Jodie, 32, Thanks Ambulance Crew After Cardiac Arrest
A 32-year-old woman has been reunited with the South Western Ambulance Service NHS Foundation Trust (SWASFT) crew who saved her life when her heart stopped beating.
Jodie Prudames, 32, had rapid chest pains and began to sweat profusely at her home in Midsomer Norton, North East Somerset in October.
Then she went into cardiac arrest, lost consciousness and stopped breathing.
SWASFT Paramedic Ed Bowyer resuscitated Jodie, with the help of her partner Janson. She survived and has gone on to make a fantastic recovery.
Click here to listen to the 999 call made by Jodie's mum
Jodie went to Shepton Mallet ambulance station on Thursday 7 March to thank Ed and other SWASFT staff for saving her.
Jodie said: “I thought I was going to die. I had an awful feeling in my chest like a burning heat. I’ve never felt anything like it before. But Ed arrived really quickly, and thanks to him and the other crew I made it through.”
Now Jodie is encouraging other people to step in and take action if they think somebody may be having a cardiac arrest or heart attack.
She has welcomed government plans to teach CPR and First Aid to schoolchildren from next year. It is hoped the long-awaited move will boost survival rates from out-of-hospital cardiac arrests, potentially saving thousands of lives.
Jodie said: “At first I struggled with what had happened to me, because there was no logical explanation. But since then I’ve realised how fortunate I was to survive.
“It’s changed my outlook on life. I had a lot of mental health problems beforehand, but afterwards it felt like a weight had been lifted off my shoulders.
“It’s brilliant that CPR will be taught in schools, and it has 100% of my support. I’m making sure my young daughter is medically aware, and I’d really recommend anyone to learn what to do in an emergency so they can help people.”
In the months before her emergency, Jodie said she had infrequent chest pains, but never thought she had a heart problem.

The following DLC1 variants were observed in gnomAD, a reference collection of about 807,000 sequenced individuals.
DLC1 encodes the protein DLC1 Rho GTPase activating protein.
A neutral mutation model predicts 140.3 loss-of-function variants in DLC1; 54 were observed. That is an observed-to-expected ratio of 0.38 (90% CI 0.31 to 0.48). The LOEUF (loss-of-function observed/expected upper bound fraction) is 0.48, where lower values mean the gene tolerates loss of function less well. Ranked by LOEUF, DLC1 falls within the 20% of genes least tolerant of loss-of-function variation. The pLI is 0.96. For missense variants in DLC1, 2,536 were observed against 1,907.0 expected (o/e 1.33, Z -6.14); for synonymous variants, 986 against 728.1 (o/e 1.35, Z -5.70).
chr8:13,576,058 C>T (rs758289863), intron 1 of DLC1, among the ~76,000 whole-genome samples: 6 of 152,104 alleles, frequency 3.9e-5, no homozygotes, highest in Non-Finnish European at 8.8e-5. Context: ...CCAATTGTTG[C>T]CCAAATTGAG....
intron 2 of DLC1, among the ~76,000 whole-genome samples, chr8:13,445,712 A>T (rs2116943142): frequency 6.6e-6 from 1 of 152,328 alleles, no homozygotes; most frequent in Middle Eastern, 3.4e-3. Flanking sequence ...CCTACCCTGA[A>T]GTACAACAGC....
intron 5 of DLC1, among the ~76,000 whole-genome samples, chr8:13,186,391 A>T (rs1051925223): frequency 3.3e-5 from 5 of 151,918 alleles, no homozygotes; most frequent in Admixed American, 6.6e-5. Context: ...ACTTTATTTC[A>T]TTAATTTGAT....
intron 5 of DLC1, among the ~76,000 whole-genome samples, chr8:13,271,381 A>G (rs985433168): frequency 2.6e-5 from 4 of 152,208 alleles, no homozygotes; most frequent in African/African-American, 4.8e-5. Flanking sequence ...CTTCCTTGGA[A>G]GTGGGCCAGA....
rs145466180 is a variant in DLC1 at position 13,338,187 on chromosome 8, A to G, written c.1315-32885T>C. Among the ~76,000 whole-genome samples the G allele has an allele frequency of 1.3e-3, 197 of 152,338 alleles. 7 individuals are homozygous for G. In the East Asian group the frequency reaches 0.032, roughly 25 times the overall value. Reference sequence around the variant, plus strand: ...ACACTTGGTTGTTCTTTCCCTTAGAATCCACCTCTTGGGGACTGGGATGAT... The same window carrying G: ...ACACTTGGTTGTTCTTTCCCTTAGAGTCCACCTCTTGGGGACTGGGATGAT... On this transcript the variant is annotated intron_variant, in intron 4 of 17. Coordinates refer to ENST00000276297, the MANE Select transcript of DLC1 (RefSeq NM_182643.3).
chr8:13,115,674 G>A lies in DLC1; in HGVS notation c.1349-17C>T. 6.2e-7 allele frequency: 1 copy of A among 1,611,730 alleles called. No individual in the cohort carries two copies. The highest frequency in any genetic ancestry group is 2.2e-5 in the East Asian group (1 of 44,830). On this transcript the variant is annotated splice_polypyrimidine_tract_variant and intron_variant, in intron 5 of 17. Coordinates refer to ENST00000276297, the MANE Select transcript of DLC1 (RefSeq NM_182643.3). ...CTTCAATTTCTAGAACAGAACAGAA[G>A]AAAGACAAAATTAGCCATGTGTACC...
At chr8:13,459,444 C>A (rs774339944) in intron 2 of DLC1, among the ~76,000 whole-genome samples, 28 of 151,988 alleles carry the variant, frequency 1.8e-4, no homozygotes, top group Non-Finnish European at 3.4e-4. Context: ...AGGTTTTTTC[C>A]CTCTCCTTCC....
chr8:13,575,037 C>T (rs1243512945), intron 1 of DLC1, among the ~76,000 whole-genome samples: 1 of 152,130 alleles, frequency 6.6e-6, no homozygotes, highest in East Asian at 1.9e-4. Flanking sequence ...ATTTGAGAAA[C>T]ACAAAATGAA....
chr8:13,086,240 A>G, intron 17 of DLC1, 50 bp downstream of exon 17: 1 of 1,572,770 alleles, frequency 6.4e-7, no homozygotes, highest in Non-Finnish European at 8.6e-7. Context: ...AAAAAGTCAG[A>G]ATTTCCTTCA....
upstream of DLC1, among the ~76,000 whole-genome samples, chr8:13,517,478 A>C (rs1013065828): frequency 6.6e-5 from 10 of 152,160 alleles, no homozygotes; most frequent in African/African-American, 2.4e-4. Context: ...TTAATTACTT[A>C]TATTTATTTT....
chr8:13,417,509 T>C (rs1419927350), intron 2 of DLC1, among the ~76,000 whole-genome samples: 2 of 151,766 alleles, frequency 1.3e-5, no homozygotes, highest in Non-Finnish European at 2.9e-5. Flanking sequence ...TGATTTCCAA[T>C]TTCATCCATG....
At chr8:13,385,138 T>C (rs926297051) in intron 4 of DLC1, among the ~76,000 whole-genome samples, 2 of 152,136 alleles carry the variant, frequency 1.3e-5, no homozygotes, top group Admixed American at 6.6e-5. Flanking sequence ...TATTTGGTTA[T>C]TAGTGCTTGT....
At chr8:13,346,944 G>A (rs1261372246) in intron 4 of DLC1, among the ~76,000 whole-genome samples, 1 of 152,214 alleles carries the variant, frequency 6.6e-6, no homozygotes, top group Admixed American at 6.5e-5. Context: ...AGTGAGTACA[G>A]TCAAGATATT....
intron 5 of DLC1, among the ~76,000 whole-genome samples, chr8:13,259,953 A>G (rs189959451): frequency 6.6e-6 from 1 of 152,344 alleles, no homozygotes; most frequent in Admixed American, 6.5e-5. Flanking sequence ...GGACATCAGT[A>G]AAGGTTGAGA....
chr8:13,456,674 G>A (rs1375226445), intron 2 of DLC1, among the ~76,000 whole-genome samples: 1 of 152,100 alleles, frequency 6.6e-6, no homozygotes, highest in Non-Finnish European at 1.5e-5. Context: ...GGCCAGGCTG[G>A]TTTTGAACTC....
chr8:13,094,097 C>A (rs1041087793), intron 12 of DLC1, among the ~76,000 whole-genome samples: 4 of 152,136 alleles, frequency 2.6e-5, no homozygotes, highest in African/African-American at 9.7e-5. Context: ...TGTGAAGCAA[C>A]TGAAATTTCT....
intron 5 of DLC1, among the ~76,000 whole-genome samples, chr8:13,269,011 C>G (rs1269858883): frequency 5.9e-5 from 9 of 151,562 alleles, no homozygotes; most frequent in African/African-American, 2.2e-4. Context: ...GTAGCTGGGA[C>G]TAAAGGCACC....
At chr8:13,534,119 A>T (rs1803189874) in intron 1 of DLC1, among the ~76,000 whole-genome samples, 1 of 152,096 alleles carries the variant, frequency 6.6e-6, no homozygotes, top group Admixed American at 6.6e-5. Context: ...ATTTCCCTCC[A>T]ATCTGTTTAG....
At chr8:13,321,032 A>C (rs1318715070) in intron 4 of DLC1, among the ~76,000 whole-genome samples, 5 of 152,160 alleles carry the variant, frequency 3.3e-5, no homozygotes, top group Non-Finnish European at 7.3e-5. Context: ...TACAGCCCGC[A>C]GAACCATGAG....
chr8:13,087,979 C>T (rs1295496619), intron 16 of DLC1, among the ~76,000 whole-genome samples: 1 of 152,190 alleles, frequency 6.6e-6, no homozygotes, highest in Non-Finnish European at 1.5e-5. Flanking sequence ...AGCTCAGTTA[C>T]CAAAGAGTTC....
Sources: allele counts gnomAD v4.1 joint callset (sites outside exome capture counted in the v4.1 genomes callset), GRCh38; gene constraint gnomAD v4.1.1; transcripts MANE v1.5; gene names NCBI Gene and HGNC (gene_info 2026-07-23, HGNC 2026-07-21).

On the day of the incident Jodie’s mum Andria called 999 after her daughter had been in pain for around 30 minutes.
Staff in the SWASFT Control Hub assessed Jodie’s condition over the phone, and organised for crews to respond.
Paramedic Ed Bowyer arrived within five minutes to give her routine treatment. But then Jodie’s heart stopped beating, and she needed urgent help to stay alive.
Ed led the effort to resuscitate Jodie with the help of Janson. They pulled her onto floor, and laid her flat on her back. By doing CPR and shocking her with a defibrillator, they managed to get her heart beating again.
SWASFT Student Paramedic Nick Tolson and other SWASFT staff helped to provide post-resuscitation care for Jodie.
Jodie was driven in an ambulance to hospital where she was given heart surgery.
It was later confirmed that Jodie’s cardiac arrest was caused by a heart attack.
Paramedic Ed Bowyer said: “This incident highlights that a cardiac arrest can happen to anyone, of any age, and at any time.
“Jodie is not the stereotypical person to suffer a heart attack. Many are elderly or suffer with known heart problems, whereas Jodie is young and normally well.
“Many factors contributed to the fantastic recovery of Jodie. Because she had a cardiac arrest in front of me meant she was given the best possible chance of survival from the very start, including early defibrillation and CPR.
“Jodie is living proof that people can and do survive.”
Heart attack and cardiac arrest:
- A heart attack is a serious medical emergency when in which the supply of blood to the heart is suddenly blocked, usually by a blood clot.
- A cardiac arrest is an urgent medical emergency when the heart suddenly stops pumping blood round the body. The brain is starved of oxygen, causing the person to fall unconscious and stop breathing.
- If you think someone is having a heart attack or cardiac arrest: call 999 immediately, begin CPR, and use a public access defibrillator if one is available.
- Around 30,000 people are treated for cardiac arrests in the UK every year. Just 9% survive, but their chances increase significantly when CPR and defibrillation is administered early.
- For more information on SWASFT First Aid courses, including CPR training, visit: https://firstaid.swast.nhs.uk/. If you have a specific query: call 0300 369 0350 or email firstname.lastname@example.org